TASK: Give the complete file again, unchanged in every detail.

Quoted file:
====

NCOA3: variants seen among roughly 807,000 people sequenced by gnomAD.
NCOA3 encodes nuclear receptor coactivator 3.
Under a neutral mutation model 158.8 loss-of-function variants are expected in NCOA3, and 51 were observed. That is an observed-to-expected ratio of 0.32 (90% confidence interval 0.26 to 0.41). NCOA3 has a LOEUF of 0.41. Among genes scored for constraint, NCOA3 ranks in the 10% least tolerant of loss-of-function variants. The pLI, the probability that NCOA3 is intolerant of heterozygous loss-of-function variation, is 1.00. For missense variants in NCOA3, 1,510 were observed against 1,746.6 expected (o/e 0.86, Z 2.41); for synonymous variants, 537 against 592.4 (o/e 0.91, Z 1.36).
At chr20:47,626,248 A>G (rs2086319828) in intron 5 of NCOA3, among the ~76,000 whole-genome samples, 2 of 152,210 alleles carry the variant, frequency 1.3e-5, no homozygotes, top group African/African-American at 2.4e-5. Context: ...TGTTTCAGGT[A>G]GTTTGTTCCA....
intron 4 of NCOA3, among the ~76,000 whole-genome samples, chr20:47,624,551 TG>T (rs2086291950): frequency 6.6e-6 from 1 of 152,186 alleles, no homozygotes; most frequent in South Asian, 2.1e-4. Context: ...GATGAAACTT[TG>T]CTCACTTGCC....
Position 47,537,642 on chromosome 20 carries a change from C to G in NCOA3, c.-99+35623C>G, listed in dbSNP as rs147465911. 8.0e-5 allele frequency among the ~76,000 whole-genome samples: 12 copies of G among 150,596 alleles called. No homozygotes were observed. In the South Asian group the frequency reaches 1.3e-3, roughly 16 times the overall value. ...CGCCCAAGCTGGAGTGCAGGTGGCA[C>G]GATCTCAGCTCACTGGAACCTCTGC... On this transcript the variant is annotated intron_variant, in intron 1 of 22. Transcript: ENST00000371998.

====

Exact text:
NCOA3: variants seen among roughly 807,000 people sequenced by gnomAD.
NCOA3 encodes nuclear receptor coactivator 3.
Under a neutral mutation model 158.8 loss-of-function variants are expected in NCOA3, and 51 were observed. That is an observed-to-expected ratio of 0.32 (90% confidence interval 0.26 to 0.41). NCOA3 has a LOEUF of 0.41. Among genes scored for constraint, NCOA3 ranks in the 10% least tolerant of loss-of-function variants. The pLI, the probability that NCOA3 is intolerant of heterozygous loss-of-function variation, is 1.00. For missense variants in NCOA3, 1,510 were observed against 1,746.6 expected (o/e 0.86, Z 2.41); for synonymous variants, 537 against 592.4 (o/e 0.91, Z 1.36).
At chr20:47,626,248 A>G (rs2086319828) in intron 5 of NCOA3, among the ~76,000 whole-genome samples, 2 of 152,210 alleles carry the variant, frequency 1.3e-5, no homozygotes, top group African/African-American at 2.4e-5. Context: ...TGTTTCAGGT[A>G]GTTTGTTCCA....
intron 4 of NCOA3, among the ~76,000 whole-genome samples, chr20:47,624,551 TG>T (rs2086291950): frequency 6.6e-6 from 1 of 152,186 alleles, no homozygotes; most frequent in South Asian, 2.1e-4. Context: ...GATGAAACTT[TG>T]CTCACTTGCC....
Position 47,537,642 on chromosome 20 carries a change from C to G in NCOA3, c.-99+35623C>G, listed in dbSNP as rs147465911. 8.0e-5 allele frequency among the ~76,000 whole-genome samples: 12 copies of G among 150,596 alleles called. No homozygotes were observed. In the South Asian group the frequency reaches 1.3e-3, roughly 16 times the overall value. ...CGCCCAAGCTGGAGTGCAGGTGGCA[C>G]GATCTCAGCTCACTGGAACCTCTGC... On this transcript the variant is annotated intron_variant, in intron 1 of 22. Transcript: ENST00000371998.